Version 3.4.4 of Cryptlib implements TLS-LTS (long-term support) for use on systems that may have multi-year or even decade-long update cycles.
This new release incorporates what’s already deployed for TLS* 1.2, but crucially, fixes the security holes and bugs.
Cryptlib author Dr Peter Gutmann states “TLS-LTS presents a minimal, known-good set of mechanisms that defends against all currently-known weaknesses in TLS. It would have defended against them ten years ago and has a good chance of defending against them ten years from now, providing the long-term stability that’s required by many systems in the field”.
TLS, by nature of its complexity and the inclusion of large amounts of legacy material contains numerous security issues. These have been known to be a problem for many years, and they keep coming up again and again in attacks. This long-term stability is particularly important in light of the fact that widespread mainstream adoption of new versions of TLS has been shown to take 15 years or more, with adoption in embedded environments taking even longer.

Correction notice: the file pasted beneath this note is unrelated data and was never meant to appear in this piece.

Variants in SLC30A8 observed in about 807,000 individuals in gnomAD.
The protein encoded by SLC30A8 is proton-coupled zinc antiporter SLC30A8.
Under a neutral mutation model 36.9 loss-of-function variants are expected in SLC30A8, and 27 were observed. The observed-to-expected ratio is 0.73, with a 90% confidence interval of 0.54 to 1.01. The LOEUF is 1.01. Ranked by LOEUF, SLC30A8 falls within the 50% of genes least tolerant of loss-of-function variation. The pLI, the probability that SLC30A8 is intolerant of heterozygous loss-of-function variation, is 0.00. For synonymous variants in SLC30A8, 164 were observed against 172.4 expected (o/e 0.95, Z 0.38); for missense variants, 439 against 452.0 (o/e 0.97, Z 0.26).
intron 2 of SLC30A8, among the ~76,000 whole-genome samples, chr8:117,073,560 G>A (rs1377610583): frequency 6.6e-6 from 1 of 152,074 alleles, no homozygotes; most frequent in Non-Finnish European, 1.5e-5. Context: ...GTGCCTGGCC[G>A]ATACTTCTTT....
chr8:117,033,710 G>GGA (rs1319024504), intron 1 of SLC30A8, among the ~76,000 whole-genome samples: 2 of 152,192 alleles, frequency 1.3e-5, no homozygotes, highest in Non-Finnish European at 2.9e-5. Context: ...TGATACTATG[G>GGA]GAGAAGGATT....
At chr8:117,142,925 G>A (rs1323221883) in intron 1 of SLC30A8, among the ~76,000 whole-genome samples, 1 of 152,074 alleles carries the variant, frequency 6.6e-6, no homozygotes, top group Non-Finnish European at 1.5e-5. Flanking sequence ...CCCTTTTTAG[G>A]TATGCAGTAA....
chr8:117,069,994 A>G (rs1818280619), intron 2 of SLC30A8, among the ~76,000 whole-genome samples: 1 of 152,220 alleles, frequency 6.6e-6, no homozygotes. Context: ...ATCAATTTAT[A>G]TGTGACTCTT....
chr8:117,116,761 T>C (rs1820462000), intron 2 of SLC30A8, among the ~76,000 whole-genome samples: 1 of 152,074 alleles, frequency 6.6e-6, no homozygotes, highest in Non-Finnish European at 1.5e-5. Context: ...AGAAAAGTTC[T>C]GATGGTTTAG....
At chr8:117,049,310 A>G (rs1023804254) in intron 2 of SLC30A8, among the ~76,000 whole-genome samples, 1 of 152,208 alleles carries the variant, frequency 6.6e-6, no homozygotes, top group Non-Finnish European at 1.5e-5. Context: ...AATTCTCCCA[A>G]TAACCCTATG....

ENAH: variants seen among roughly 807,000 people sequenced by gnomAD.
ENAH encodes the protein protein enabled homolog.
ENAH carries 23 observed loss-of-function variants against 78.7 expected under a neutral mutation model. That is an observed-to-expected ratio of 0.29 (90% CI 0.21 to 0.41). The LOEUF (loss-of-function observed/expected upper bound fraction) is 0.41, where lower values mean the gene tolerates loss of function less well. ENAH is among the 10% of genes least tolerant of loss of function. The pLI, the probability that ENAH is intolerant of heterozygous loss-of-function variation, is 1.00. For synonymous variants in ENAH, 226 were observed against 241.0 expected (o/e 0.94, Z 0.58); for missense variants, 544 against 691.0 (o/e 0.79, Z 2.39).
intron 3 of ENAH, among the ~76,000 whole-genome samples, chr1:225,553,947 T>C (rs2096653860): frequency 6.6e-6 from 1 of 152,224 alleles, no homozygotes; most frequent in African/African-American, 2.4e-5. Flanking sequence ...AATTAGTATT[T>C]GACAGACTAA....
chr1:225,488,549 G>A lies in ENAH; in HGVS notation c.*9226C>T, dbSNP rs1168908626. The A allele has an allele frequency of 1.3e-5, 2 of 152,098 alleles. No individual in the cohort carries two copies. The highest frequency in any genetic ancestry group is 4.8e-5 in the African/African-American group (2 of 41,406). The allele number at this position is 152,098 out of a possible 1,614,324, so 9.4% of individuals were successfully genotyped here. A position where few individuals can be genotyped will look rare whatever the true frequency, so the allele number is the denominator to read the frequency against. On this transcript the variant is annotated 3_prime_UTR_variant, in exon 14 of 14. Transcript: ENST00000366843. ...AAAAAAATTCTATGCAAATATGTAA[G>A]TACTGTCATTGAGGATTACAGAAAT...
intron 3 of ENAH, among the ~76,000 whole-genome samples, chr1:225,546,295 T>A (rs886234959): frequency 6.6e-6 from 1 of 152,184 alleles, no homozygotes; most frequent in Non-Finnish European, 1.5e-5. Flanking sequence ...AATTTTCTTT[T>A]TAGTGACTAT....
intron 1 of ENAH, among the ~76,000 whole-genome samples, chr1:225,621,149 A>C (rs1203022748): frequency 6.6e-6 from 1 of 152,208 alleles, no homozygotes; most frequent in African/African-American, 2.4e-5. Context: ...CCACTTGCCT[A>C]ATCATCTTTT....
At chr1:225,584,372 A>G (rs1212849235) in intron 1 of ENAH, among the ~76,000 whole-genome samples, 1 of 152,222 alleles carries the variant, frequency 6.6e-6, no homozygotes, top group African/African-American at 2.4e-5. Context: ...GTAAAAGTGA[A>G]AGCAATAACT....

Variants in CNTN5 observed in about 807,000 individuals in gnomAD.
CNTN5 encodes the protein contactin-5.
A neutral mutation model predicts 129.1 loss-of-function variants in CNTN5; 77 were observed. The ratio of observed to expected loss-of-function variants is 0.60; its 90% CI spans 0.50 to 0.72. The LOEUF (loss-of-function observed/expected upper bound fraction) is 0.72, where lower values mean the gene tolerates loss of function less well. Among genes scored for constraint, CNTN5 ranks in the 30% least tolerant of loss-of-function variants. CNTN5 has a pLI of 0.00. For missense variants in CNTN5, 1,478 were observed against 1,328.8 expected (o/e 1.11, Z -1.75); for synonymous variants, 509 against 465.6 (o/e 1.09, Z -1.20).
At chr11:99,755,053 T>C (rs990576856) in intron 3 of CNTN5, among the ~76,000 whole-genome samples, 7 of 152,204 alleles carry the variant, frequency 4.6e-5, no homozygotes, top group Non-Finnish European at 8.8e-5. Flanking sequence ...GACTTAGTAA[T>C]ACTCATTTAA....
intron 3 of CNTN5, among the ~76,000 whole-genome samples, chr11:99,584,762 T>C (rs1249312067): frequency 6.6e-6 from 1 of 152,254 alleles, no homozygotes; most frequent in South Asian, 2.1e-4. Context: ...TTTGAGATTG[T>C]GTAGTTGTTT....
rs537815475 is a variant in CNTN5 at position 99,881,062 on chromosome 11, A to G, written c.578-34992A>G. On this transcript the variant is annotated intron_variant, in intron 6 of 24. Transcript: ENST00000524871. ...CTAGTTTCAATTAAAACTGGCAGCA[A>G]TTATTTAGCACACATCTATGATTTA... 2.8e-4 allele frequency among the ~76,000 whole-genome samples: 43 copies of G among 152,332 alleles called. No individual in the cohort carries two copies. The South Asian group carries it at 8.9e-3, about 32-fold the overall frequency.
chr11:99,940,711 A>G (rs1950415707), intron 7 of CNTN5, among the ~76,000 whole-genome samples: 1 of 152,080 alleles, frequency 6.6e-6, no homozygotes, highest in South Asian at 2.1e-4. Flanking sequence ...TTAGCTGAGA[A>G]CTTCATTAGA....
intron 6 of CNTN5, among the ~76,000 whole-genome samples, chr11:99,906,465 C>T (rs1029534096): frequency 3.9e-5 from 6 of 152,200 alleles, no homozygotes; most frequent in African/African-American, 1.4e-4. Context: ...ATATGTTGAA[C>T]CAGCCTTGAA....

*TLS is an enhanced secure connection and authentication mechanism that represents the current version of the widely-used Internet security technology formerly known as SSL.